E3S Web Conf.
Volume 238, 2021100RES 2020 – Applied Energy Symposium (ICAE), 100% RENEWABLE: Strategies, Technologies and Challenges for a Fossil Free Future
|Number of page(s)||8|
|Published online||16 February 2021|
Experimental study of fast pyrolysis vapors fractionation through different staged condensation configurations
Industrial Engineering Department (DIEF), Università degli Studi di Firenze, Via S.Marta 3, 50139, Firenze, Italy
2 RE-CORD (Renewable Energy COnsortium for R&D), Viale J.F. Kennedy, Pianvallico, 50038, Scarperia e San Piero, Firenze, Italy
3 Sustainable Process Technology Group, Faculty of Science and Technology, University of Twente, Drienerlolaan 5, 7522NB Enschede, The Netherlands
* Corresponding author: firstname.lastname@example.org
The quality of biocrudes from fast pyrolysis of lignocellulosic biomass can be improved by optimizing the downstream condensation systems to separate and concentrate selected classes of compounds, thus operating different technological solutions and condensation temperatures in multiple condensation stages. Scientific literature reports that fractional condensation can be deployed as an effective and relatively affordable step in fast pyrolysis. It consists in a controlled multiple condensation approach, which aims at the separated collection of classes of compounds that can be further upgraded to bio-derived chemicals through downstream treatments. In this study, fractional condensation has been applied to a fast pyrolysis reactor of 1 kg h-1 feed, connected to two different condensation units: one composed by a series of two spray condensers and an intensive cooler; a second by an electrostatic precipitator and an intensive cooler too. Fast pyrolysis of pinewood was conducted in a bubbling fluidized bed reactor at 500 °C, while condensable vapours were collected by an interchangeable series of condensers. Using the first configuration, high boiling point compounds – such as sugars and lignin-derived oligomers – were condensed at higher temperatures in the first stage (100 – 170 °C), while water soluble lighter compounds and most of the water were condensed at lower temperatures and so largely removed from the bio-oil. In the first two condensing stages, the bio-oil water content remained below 7 wt % (resulting in 20 MJ kg-1 of energy content) maintaining about 43% of the liquid yield, compared to the 55% of the single step condensation runs. The work thus generated promising results, confirming the interest on upscaling the fractional condensation approach to full scale biorefinering.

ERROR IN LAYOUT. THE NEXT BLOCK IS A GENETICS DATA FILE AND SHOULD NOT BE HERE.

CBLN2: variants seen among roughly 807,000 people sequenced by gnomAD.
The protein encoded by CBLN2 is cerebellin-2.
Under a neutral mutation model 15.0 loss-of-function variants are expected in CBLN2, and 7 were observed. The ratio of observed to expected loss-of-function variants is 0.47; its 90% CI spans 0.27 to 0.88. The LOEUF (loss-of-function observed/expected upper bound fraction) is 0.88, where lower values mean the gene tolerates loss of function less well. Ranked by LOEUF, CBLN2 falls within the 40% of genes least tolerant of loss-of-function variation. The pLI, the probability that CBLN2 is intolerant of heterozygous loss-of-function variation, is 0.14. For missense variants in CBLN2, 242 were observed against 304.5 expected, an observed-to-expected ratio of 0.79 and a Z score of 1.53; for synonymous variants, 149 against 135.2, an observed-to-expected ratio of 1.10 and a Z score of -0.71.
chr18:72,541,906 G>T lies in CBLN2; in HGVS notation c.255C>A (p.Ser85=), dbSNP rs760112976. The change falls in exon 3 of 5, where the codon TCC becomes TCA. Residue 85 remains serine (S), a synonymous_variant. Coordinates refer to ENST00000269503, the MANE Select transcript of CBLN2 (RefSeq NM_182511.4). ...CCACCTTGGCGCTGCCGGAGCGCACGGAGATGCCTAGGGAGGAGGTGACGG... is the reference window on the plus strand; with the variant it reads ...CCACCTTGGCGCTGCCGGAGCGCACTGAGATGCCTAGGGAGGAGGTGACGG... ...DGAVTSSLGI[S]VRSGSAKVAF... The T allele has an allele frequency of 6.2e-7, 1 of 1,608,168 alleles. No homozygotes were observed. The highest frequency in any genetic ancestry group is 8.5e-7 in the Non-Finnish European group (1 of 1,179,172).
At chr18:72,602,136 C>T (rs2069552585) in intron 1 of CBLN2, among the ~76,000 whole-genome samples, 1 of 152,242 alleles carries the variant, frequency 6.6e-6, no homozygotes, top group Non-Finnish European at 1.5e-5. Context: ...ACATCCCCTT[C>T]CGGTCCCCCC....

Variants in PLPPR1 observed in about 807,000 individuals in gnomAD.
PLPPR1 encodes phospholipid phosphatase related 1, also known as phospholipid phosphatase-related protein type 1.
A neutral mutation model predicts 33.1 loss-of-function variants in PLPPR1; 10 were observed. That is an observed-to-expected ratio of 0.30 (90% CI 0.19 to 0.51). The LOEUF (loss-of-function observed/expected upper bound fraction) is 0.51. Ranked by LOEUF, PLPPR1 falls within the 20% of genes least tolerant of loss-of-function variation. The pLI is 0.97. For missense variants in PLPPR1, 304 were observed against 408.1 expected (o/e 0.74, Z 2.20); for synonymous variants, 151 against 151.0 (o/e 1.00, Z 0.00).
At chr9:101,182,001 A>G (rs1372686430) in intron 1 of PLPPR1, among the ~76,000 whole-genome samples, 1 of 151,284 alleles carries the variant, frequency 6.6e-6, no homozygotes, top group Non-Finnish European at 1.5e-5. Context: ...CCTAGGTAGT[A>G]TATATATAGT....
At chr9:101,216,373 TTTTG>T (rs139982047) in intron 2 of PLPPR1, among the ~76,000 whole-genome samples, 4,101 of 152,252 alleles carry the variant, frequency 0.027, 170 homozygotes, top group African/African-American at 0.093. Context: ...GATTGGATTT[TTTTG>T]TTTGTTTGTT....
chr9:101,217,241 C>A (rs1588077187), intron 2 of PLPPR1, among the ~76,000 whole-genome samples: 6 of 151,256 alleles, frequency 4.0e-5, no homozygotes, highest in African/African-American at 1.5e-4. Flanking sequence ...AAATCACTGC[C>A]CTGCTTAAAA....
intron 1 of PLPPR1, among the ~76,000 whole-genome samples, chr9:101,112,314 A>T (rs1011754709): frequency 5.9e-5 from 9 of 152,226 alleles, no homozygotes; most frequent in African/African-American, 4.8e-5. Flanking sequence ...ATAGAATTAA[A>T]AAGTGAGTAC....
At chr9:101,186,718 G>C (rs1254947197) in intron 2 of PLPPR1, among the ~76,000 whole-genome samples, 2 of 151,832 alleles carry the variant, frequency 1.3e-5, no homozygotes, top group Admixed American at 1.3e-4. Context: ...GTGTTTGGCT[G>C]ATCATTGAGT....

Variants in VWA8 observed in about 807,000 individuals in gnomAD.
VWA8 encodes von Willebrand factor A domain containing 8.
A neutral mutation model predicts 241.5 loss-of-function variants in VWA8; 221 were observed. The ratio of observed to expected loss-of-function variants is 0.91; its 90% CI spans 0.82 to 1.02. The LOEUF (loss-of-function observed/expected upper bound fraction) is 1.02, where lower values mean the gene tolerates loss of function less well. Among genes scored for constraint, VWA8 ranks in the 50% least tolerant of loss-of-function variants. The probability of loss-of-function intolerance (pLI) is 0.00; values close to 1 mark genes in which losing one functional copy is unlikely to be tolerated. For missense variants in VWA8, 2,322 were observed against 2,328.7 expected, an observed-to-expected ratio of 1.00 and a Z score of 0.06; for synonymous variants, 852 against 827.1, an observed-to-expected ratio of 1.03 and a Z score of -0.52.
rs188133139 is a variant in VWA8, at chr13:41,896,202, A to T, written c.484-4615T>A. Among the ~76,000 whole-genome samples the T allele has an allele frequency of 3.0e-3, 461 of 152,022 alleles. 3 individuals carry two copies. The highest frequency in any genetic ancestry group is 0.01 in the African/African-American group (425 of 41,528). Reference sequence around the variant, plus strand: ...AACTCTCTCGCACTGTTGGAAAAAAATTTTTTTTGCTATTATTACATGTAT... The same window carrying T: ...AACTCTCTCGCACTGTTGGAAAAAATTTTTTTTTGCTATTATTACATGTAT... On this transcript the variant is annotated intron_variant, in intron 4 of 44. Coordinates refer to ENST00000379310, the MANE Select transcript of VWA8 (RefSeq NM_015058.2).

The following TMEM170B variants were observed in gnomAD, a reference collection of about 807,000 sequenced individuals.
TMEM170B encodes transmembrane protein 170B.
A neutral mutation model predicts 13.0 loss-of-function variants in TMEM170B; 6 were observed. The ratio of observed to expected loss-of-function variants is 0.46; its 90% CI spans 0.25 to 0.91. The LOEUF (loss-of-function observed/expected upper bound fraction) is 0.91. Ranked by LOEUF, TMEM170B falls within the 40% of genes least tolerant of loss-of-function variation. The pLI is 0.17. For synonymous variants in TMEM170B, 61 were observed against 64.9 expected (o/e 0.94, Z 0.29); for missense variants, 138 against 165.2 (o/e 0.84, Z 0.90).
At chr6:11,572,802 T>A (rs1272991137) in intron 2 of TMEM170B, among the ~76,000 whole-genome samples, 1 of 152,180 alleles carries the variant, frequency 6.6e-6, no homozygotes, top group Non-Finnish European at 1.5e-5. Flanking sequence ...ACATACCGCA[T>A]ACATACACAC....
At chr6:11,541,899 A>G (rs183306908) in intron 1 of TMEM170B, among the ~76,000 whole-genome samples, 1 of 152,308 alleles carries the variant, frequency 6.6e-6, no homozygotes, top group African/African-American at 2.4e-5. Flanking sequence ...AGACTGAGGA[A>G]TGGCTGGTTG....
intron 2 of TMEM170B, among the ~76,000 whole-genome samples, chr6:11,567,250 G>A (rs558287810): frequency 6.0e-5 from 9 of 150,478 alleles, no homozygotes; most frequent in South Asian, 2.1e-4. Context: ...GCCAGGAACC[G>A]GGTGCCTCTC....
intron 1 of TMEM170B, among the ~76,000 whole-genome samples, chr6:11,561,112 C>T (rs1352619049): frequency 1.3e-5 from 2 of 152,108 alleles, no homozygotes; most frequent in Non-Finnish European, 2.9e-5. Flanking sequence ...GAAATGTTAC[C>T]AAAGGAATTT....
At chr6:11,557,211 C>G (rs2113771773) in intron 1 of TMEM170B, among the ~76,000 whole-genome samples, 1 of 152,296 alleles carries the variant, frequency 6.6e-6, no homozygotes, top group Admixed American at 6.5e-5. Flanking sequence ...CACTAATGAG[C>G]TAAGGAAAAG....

© The Authors, published by EDP Sciences, 2021
This is an Open Access article distributed under the terms of the Creative Commons Attribution License 4.0, which permits unrestricted use, distribution, and reproduction in any medium, provided the original work is properly cited.
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